We are late to this but it’s worth a mention, mostly because it’s hard not to conclude there are two editorial standards at the New York Times: one for Maureen Dowd and one for everyone else.
You may recall how in May, MoDo made headlines when she “accidentally” included a paragraph by Talking Points Memo’s Josh Marshall into her column. MoDo later clarified that a friend had suggested “I make this point, expressing it in a cogent — and I assumed spontaneous — way.” This is how the column was appended:
Correction: May 18, 2009
Maureen Dowd’s column on Sunday, about torture, failed to attribute a paragraph about the timeline for prisoner abuse to Josh Marshall’s blog at Talking Points Memo.
Cut to this morning when the ever-vigilant folks at NYTPicker caught a lengthy editor’s note regarding a Times Magazine piece, which puts “freelance writer Charles Siebert out to dry for appropriating a handful of descriptive words from a source’s email in his 7,498-word account of the way whales may be communicating with humans. Sunday Magazine cover story on whales.”
The cover article of The Times Magazine on Sunday reported on whales and the possibility of interspecies communication between them and humans. The final two paragraphs of the article described an occasion in 2005 when a humpback whale became entangled in crab-trap ropes and was freed by a rescue team. Some of the language in the retelling of that event was identical to descriptions of the rescue in an e-mail message that circulated widely after the incident. Specifically, the lines that the whale swam “in joyous circles” after it was freed and “nudged” the divers gently, “as if in thanks”; that the divers thought it was “the most beautiful experience they ever had”; and that one diver said he would “never be the same” appeared in the e-mail message, which was sent to The Times’s writer, Charles Siebert, in the course of his reporting. In seeking to confirm the accuracy of the article, Mr. Siebert read several accounts of the episode, including one published by The San Francisco Chronicle in December 2005 on which he based his retelling.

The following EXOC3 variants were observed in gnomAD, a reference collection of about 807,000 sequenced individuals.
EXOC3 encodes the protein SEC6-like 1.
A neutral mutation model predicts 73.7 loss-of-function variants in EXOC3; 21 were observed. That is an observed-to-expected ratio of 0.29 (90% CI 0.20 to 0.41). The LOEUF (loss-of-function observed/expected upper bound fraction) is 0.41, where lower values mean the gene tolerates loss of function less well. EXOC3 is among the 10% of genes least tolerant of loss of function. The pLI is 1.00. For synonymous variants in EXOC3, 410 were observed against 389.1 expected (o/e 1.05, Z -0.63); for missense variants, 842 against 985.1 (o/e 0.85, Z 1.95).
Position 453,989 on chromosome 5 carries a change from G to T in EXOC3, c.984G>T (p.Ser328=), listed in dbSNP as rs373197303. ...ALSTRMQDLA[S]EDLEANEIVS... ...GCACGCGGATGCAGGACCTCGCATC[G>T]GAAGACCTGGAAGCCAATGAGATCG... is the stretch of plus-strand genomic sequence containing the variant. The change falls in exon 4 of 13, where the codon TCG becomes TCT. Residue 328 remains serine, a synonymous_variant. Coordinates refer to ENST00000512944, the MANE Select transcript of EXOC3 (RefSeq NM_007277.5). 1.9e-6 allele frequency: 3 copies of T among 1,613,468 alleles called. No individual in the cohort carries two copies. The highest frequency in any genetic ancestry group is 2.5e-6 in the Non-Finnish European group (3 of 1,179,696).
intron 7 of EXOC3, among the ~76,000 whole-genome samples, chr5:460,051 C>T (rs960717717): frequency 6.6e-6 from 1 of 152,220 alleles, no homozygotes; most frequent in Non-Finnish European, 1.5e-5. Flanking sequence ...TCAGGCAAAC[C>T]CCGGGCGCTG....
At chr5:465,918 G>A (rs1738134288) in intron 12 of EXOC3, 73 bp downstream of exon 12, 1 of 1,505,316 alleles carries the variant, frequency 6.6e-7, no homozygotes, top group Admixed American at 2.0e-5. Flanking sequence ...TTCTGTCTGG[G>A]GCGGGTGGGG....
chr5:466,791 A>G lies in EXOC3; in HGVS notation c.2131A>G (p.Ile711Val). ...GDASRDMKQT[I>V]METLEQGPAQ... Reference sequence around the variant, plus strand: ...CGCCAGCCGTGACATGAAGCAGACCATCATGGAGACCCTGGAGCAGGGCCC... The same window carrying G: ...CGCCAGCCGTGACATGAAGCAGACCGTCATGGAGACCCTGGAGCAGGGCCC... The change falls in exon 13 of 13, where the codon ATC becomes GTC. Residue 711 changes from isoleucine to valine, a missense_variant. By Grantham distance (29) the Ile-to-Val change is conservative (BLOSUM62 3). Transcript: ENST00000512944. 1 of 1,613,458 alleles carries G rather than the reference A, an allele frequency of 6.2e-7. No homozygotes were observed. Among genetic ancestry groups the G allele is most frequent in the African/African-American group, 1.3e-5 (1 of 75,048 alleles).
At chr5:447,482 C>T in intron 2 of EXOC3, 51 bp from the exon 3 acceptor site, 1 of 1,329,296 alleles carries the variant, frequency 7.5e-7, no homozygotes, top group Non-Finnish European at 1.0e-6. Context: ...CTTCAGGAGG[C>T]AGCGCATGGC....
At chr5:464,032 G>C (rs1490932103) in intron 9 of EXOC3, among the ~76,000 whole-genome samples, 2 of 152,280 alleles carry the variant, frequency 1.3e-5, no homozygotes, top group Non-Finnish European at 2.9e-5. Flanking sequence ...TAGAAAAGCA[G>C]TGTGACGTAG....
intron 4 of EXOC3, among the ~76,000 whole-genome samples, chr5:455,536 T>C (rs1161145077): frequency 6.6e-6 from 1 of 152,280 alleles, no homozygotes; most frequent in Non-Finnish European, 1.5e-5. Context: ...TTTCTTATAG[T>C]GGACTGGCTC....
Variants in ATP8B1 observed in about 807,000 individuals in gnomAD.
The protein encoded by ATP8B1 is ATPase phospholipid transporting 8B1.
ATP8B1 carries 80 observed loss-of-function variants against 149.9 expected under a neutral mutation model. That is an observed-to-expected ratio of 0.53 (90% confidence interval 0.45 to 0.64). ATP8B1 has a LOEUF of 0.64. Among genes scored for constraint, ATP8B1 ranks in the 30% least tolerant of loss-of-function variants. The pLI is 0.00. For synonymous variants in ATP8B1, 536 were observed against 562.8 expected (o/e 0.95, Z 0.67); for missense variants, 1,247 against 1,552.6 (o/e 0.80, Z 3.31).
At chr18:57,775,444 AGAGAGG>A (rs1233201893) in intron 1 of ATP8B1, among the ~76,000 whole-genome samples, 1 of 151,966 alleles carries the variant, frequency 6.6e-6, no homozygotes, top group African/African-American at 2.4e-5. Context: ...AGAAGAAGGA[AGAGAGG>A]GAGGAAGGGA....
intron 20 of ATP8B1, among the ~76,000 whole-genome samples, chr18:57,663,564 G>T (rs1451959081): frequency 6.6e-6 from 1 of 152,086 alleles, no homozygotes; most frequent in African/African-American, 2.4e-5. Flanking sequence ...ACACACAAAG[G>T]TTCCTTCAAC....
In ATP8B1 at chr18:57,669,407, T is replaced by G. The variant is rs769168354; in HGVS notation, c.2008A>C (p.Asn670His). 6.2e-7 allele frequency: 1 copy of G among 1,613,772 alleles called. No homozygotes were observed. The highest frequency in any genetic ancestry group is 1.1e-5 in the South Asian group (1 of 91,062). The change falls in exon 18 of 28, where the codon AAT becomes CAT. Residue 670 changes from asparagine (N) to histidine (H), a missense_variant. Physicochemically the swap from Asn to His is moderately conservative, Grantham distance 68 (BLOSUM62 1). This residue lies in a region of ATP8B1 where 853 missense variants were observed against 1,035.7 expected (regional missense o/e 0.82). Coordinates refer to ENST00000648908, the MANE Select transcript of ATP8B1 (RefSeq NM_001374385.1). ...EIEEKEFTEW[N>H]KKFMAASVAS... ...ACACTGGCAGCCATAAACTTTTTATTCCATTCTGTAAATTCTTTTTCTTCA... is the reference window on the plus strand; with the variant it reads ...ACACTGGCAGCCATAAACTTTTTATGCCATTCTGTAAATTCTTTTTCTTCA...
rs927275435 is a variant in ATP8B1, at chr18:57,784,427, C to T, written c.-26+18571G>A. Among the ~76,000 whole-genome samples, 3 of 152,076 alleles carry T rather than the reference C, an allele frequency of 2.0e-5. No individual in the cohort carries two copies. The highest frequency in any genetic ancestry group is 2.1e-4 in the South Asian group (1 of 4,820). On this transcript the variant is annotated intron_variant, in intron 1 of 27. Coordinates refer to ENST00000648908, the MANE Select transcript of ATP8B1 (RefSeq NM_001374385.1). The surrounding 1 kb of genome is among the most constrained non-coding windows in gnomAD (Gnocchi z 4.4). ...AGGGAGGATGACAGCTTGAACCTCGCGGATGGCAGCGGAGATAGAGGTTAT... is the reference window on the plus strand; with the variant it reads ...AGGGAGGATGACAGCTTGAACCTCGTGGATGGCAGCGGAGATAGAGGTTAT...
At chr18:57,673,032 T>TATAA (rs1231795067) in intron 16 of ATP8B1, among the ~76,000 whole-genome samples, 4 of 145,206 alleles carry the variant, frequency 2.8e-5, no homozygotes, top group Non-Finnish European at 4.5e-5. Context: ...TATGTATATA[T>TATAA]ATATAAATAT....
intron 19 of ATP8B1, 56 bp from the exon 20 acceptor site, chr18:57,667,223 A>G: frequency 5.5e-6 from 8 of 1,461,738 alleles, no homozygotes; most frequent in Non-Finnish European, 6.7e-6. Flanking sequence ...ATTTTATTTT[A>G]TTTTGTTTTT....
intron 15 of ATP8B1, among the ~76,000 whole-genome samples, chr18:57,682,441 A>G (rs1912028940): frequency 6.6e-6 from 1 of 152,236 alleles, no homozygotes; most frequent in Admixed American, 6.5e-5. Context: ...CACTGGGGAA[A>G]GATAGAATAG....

Mr. Siebert said that he unwittingly incorporated some of the phrasing from the e-mail message that he had been sent earlier. The Times does not allow writers to replicate language without attribution, and had the editors known of these repetitions, they would not have published the passage in that form.
Sensing a difference in the tone and amount of attention paid to these “unwitting incorporations” and failures to attribute? The more important question, of course, and the one the Times really needs to address is where the difference in these offenses lies. Calling Clark Hoyt! Gawker says they have contacted the Times regarding just this disparity, but has yet to hear back. Interestingly Gawker also seems to be taking the side of Siebert in this instance. This from John Cook:
We can understand how Siebert could either cut and paste something into his story with the intention of chopping it up into quotes and later forgetting to attribute it, or write something that he thought was his own synthesis of various sources but actually included phraseology bouncing around in his head that he didn’t know at the time was a direct quote from one of those sources.
It’s less understandable, perhaps, in a bi-weekly 750 word column.
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